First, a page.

JOHANNESBURG (miningweekly.com) – A greater degree of certainty was emerging in the South African mining industry, Chamber of Mines (CoM) senior executive Roger Baxter said on Monday.
Talking to mining analysts and the media at a Harmony Gold-sponsored background briefing, Baxter said a “high road” was very possible for South Africa’s currently infrastructure- and labour-constrained mining sector.
He said that a positive stakeholder engagement process was under way on the draft Minerals and Petroleum Resources Development Act (MPRDA) Amendment Bill and that CoM looked forward to tax talks with a South African Treasury that had a strong track record of pragmatism on competitiveness drivers.
Calculating that mining made up a fifth of the South African economy by contributing R468-billion to gross domestic product and underpinning the employment of 1.3-million jobs, the CoM economist and strategist said mining had the potential to add another 200 000 direct jobs.
With adequate rail that was being laid on, iron-ore miners would be able to double production to more than 100-million tons a year by 2020, lifting employment by a potential 30 000 people.
With adequate rail and environmental regulations, coal production could rise to 355-million tons a year from the current 254-million tons a year by 2020, providing potential of another 100 000 jobs.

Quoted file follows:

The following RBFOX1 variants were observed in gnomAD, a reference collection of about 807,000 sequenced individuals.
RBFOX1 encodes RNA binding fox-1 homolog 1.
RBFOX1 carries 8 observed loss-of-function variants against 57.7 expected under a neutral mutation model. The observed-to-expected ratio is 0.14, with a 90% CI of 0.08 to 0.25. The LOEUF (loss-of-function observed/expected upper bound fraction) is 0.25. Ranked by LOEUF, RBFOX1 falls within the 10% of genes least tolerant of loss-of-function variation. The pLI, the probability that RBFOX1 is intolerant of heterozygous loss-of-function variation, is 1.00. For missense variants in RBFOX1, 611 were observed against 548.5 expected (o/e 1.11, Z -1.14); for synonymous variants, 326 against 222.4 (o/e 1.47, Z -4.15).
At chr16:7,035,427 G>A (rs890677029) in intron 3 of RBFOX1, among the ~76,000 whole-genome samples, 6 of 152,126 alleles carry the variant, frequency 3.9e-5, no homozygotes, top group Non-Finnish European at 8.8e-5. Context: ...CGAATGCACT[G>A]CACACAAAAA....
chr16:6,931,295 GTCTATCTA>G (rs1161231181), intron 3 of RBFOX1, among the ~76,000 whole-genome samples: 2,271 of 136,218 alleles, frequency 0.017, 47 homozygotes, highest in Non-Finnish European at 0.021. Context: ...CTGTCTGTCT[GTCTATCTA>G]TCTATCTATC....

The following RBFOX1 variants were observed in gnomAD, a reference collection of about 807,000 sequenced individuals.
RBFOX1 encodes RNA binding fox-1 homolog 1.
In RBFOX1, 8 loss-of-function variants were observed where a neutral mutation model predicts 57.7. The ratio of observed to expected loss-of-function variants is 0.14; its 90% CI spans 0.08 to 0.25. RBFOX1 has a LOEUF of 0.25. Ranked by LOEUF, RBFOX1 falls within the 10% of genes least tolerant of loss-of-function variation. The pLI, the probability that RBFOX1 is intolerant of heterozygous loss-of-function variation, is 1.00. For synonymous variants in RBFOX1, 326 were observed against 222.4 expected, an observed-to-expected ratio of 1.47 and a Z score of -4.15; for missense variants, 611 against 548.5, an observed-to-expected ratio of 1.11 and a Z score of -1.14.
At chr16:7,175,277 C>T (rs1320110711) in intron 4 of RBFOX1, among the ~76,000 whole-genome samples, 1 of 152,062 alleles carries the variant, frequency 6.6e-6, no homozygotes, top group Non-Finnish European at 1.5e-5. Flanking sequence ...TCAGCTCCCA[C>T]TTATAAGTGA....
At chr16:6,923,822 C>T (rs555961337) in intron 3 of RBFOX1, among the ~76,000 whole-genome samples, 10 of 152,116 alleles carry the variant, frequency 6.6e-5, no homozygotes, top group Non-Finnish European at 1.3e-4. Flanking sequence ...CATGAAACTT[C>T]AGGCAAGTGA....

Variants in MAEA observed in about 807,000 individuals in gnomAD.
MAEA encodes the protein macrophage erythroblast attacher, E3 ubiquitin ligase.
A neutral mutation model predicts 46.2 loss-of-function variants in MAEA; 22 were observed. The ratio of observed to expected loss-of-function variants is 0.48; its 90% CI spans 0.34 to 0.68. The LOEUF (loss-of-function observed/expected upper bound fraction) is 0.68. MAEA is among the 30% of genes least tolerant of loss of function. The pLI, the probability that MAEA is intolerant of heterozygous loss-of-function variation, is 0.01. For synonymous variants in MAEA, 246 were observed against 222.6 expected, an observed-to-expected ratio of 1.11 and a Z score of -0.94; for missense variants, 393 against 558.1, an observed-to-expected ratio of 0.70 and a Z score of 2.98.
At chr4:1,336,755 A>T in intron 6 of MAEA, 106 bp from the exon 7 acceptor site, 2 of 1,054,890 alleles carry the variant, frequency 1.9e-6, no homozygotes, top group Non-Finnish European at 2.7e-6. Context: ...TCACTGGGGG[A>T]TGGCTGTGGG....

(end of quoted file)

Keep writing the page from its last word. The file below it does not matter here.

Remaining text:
With cost-competitive heavy-haul rail, manganese production could be nearly trebled in the same period to 20-million tons a year from the current 7-million tons, providing potential of another 10 000 jobs.
Despite having 80% of the world’s high-grade manganese, South Africa supplied only 15% of demand.
Too much of the South African economy’s recent growth had been driven by credit-fuelled demand and tradable export sectors had languished.
“The only way that South Africa can reduce its high unemployment rate is through more balanced growth and the growth of key export sectors like mining.
“To ensure more balanced and higher levels of growth and job creation, South Africa needs its tradable export sectors to grow at a much faster rate,” Baxter said.
Among the threats to mining competitiveness were electricity and rail issues, policy uncertainty and rapidly rising costs, most of them out of the control of miners.
Mining company leadership throughout the CoM was “putting South Africa first” in resolving issues.
It was upping its game in areas where the industry lagged and was taking every opportunity to demonstrate the positive role that it played in the economy and society.
The industry was talking to the government on its potential contribution to the National Development Plan and engaging with the relevant people on improving competitiveness, labour market stability, community investment, environmental taxation and safety performance.